The training programme is the beginning of a series of interventions of the pilot project on Youth Empowerment Services for Peace Building and Stability aimed at integrating young people into their communities and society by empowering them with skills to live a constructive and dignified life. It builds their resilience and reduces risks, particularly marginalisation and exclusion, through a human rights-based approach.
"Children and youth are Liberia's greatest assets in the quest for sustained peace, security and development," said Isabel Crowley, UNICEF Representative in Liberia. "The young generation has an abundance of energy and enthusiasm for change, and we need to work with them now to build the peaceful and prosperous Liberia of tomorrow."
The war subjected children and young people to intense physical and mental suffering, and also reduced their chances for a better future as adults. Thousands of this generation of Liberian youth between ages 15 to 35 does not have the basic education or the life skills to get employed or do something constructive on their own.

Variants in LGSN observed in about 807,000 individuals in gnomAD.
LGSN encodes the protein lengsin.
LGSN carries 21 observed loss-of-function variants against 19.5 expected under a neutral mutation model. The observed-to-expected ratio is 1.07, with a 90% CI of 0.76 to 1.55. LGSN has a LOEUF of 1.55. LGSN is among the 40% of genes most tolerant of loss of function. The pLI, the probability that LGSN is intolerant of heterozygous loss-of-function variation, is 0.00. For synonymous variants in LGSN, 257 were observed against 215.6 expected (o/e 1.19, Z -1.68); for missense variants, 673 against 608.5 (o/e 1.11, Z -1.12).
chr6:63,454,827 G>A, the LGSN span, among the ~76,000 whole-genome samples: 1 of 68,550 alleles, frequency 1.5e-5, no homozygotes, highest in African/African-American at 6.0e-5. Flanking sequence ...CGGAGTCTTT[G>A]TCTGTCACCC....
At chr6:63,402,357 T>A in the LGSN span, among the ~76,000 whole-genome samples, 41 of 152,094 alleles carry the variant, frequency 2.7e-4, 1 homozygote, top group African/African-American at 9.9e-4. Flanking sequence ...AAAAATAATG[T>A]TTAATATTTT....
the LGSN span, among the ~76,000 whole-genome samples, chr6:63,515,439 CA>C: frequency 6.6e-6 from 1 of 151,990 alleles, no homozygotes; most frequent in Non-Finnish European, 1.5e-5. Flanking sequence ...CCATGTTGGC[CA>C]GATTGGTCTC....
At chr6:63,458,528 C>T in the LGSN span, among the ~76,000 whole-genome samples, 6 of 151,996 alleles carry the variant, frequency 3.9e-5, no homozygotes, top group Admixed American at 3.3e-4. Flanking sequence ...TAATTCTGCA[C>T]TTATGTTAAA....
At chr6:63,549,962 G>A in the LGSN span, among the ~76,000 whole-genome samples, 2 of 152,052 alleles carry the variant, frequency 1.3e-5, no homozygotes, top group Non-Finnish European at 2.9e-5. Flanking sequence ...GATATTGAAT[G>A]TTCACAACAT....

The training programme uses interactive and participatory techniques in building skills on self awareness, trust building, cooperation, information seeking, managing emotions, leadership, active listening and communication skills; and discussing concepts of human rights, causes of conflicts, nationalism and patriotism.
The 60 young men and women will come out of this training as peer educators, and help the government in training as many as 5000 young people from 12 districts in Grand Bassa and Grand Cape Mount.
"I feel fine being here. This is so exciting," said Nowai Freeman, a 27 year old woman participating in the training programme. "I want to learn as much as I can. I want to share with young and elderly people how to resolve conflicts in my village, and I'm hoping it will also help me."